Optimising the space of VNA storage solutions

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VNA systems deliver many benefits, but warehouse designers risk compromising safety and productivity if they place too much emphasis on simply achieving the narrowest aisleways, says John Maguire, managing director of Narrow Aisle Ltd .

Narrow margins deliver big returns

With the fallout from the pandemic and Brexit continuing to impact on manufacturing and retail supply chains, UK warehouse space remains in short supply. In fact, the problem has become so acute in some places that one leading industrial property consultancy has forecast that parts of Britain could completely run out of empty storage facilities within the next 12 months.

So, warehouse managers and intralogistics professionals are under huge cost pressure to utilise every square foot of space available to them in the most effective way. At many sites this means reconfiguring the layout of the existing storage system around the narrowest aisleways.

With typical VNA – very narrow aisle ­­­– applications aisle widths can be reduced to between 1600 and 1800mm, which allow e-fulfilment customer orders to be picked at ground level shelves and locations. Compared to traditional ‘wide aisles’ zone picking, which usually need around 3000mm to allow two ‘low level order pickers’ to pass one another, the space saving potential of VNA systems to e-commerce companies is immediately obvious.

And, of course, better space utilisation means increased storage capacity – which, in turn, equals reduced storage costs per square foot. In some cases, it might also mean that additional storage space (if, indeed, any can be found) is not required or a costly extension to the existing warehouse (if you have room and can obtain planning permission) is avoided.

But before you begin ripping out your racking and narrowing your aisleways, be aware that VNA solutions in e-commerce applications have different requirements to traditional wide aisle zone picking systems and there a number of important factors to consider before concluding that VNA is the way ahead for your business.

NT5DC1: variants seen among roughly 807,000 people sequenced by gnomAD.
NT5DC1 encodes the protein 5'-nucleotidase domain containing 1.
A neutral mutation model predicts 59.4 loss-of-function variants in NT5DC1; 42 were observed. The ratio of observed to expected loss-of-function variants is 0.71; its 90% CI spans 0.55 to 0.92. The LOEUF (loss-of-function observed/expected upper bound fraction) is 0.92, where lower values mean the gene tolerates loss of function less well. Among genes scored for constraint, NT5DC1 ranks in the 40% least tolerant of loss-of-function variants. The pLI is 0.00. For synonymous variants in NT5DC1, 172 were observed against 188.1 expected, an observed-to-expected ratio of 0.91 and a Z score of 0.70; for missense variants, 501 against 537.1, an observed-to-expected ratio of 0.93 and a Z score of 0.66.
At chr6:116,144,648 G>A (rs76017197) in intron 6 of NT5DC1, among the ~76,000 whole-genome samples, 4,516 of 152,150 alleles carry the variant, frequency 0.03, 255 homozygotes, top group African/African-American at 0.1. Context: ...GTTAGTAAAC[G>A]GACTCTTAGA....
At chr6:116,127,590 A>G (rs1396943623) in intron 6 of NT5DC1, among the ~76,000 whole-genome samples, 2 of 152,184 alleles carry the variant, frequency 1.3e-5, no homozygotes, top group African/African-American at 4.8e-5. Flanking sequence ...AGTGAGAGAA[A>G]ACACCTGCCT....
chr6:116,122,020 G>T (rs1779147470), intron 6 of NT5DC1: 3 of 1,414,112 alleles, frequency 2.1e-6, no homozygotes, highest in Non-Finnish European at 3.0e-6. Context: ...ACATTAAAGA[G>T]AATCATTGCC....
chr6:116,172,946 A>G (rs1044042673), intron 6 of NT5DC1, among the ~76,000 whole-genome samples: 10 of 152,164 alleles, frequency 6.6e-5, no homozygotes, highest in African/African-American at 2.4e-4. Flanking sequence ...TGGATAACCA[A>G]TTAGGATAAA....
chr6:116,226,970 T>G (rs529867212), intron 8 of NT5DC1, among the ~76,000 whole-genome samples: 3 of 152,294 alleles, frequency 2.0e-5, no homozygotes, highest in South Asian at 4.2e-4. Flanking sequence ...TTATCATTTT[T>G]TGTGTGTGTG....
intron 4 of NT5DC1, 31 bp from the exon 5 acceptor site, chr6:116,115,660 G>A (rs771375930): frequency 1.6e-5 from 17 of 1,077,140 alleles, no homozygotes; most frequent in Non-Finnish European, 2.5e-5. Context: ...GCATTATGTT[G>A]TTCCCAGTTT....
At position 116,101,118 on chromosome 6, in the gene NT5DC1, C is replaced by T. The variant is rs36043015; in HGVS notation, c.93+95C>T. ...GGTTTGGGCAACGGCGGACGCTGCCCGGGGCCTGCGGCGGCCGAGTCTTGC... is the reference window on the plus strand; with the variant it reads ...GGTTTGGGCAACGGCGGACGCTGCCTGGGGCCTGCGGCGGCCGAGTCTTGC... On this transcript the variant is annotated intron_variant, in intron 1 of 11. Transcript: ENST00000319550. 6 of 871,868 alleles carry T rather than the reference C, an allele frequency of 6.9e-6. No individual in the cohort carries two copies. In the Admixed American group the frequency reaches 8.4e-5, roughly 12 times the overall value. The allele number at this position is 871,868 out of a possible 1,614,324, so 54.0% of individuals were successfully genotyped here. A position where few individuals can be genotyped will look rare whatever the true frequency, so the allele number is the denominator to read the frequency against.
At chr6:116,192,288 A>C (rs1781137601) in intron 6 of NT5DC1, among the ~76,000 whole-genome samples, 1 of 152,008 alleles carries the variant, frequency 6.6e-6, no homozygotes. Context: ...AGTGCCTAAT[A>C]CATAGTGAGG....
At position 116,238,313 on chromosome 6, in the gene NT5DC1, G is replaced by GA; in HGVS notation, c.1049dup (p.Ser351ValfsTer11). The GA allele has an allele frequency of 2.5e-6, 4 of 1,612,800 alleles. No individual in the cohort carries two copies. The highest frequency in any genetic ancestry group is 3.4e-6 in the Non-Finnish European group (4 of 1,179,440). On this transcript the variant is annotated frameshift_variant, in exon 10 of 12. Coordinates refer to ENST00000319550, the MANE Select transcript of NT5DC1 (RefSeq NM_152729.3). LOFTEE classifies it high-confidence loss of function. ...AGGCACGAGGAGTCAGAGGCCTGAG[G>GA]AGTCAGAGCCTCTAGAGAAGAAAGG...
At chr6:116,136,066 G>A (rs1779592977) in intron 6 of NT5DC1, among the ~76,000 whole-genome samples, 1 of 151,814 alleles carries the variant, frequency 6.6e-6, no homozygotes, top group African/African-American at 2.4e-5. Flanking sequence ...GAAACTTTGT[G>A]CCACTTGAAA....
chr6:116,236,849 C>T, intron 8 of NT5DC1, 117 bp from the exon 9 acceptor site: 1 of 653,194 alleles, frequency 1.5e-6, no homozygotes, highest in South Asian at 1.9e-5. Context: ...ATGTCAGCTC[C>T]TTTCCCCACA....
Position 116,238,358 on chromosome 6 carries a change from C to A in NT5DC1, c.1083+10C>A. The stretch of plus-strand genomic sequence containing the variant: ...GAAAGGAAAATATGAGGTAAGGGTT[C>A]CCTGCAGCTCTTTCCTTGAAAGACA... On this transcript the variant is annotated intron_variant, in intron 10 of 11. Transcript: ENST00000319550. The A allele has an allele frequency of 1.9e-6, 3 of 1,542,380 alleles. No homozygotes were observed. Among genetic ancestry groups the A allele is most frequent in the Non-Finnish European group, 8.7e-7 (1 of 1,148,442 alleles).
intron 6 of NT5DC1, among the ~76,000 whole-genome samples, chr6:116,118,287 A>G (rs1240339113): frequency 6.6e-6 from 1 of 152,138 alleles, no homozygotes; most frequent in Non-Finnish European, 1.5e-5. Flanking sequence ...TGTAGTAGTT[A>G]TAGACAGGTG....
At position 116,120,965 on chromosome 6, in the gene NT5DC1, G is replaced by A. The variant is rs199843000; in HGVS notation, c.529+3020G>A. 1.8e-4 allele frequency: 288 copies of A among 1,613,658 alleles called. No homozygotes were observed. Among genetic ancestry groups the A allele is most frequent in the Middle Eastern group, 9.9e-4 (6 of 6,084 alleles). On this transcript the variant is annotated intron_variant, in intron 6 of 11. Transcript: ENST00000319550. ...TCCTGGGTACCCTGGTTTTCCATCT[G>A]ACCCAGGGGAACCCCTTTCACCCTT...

For example, because older ‘guided’ VNA stacking aisles are only slightly wider than the materials handling equipment that serves them, a guidance system – wire or rail – will usually be required to ensure that lift trucks do not collide with the racking. These can be costly to install.

Another consideration is training of your forklift operators. Operating guided VNA machinery requires additional training to conventional reach or counterbalanced trucks and, at a time when qualified forklift operators are hard to find, if your lift truck drivers struggle with the demands of guided VNA materials handling equipment technology, it could be a problem.

With the type of specialist materials handling equipment often specified to operate within very narrow aisles – such as man-up Combi trucks and man-down VNA trucks – it is essential to assess the different technologies and their suitability to your operation’s unique needs before investing.

For example, because man-up Combi VNA trucks are physically big pieces of kit, storage schemes have to incorporate large transfer gangways at both ends of each aisle to allow these long trucks to switch aisles. This often means that the space savings achieved by reducing the aisle widths can be lost.

To read more exclusive features and latest news please see our March-April issue here.

Media contact

Rebecca Morpeth Spayne,
Editor, International Trade Magazine
Tel: +44 (0) 1622 823 922
Email: editor@intrademagazine.com  

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